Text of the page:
WASHINGTON, DC (Maj Nichole Downs) — Over the past 15 years, the Department of Defense has fought a war against terrorism around the globe. In this fight, conventional and special operations forces have found it necessary to rely on one another’s capabilities. This interdependence created a need to train and educate on how to integrate special operations forces with conventional forces.
The Mission Command Training Program helped achieve this goal through executing its first-of-a-kind warfighter, incorporating conventional forces and special operations forces training audiences.
Warfighter 16-4 simultaneously took place at Fort Bragg, N.C., and Fort Riley Kan., April 6-15.
During the exercise, XVIII Airborne Corps, a primary training audience, executed two mission sets as a combined joint task force and as a combined joint land forces component command. Of equal importance, 19th Special Forces Group (Airborne) from the Utah Army National Guard was incorporated as a combined joint special operations task force.
“This warfighter was extremely complex,” said Col. Edward T. Bohnemann, MCTP commander. “This warfighter is crucial to XVIII Airborne Corps and their Secretary of Defense global response force requirement — and having an actual CJSOTF benefits both our conventional and special forces to prepare for and fight and win in a complex operating environment.”
“One thing that will remain constant is the importance of relationships during operations,” said Col Glenn Thomas, chief of Operations Group Juliet, MCTP. “Warfighters provide conventional and special forces a venue to train together.”
At previous warfighters, Operations Group Juliet had the responsibility to replicate Special Forces and provide other operations groups’ subject matter experts. This assisted in the training and education on the roles special operations forces may play in supporting major combat operations.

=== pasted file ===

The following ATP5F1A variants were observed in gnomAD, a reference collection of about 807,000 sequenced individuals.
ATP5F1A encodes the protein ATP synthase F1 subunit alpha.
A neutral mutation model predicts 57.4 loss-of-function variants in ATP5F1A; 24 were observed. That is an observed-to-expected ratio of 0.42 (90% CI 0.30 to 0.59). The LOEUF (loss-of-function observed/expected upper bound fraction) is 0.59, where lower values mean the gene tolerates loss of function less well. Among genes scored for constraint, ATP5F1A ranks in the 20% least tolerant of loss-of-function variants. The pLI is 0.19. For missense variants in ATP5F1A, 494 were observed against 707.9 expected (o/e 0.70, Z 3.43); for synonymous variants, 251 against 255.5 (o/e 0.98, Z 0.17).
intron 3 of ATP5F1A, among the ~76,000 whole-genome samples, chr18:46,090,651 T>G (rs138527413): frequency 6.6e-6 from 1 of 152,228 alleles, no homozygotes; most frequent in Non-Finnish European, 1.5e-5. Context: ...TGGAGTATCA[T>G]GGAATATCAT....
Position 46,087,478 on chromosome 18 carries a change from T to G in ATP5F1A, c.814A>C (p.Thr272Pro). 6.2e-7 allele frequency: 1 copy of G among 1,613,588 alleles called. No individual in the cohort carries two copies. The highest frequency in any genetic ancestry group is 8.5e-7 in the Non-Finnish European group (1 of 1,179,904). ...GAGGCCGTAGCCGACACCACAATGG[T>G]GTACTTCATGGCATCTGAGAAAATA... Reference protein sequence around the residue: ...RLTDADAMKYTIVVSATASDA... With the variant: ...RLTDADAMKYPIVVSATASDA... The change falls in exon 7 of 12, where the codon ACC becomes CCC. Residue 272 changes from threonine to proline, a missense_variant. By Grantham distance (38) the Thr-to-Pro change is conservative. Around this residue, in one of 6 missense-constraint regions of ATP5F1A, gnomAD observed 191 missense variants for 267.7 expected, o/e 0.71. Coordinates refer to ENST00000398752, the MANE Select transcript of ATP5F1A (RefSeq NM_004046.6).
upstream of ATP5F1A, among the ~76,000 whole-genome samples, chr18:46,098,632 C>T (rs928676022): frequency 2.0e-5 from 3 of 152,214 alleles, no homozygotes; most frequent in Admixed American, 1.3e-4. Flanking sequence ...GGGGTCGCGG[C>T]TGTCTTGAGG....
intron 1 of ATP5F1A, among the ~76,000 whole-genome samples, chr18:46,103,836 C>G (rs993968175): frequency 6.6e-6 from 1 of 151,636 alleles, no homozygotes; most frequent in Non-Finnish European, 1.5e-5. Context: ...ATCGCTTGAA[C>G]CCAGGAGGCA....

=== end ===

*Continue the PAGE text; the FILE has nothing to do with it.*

“The participation by 19th Special Forces Group provided Juliet and MCTP an opportunity to build a foundation to improve how we train both special operations forces and conventional forces in unified land operations,” Thomas said.
“Integration of Special Forces is extremely important as we build on those lessons we have observed and learned over the last 15 years,” Bohnemann added.
Furthermore, the integration is also in line with the U.S. Army Special Operations Command commander’s intent, according to Sgt. Maj. Gary Barnes, operations sergeant major, 19th Special Forces Group.
Special operations and conventional forces integration, interoperability and interdependence is tremendously important for maximizing both forces’ capabilities.
“We wanted to work alongside a conventional forces headquarters to refine our staff process and compare our staff process — we got a lot of value out of this experience,” Barnes said, adding, “Across the 19th, all the noncommissioned officers had an opportunity to refresh and retrain on Army mission command systems and special operations forces mission command systems, which is something we had not done in quite some time.”
“We are very flexible, continually adapting our exercise to meet the needs of the Army … to build readiness and develop leaders for the complex operational environment that faces our country,” Bohnemann said.
Approximately 2,500 service members, contractors and DoD civilians supported the warfighter, which had eight training audiences.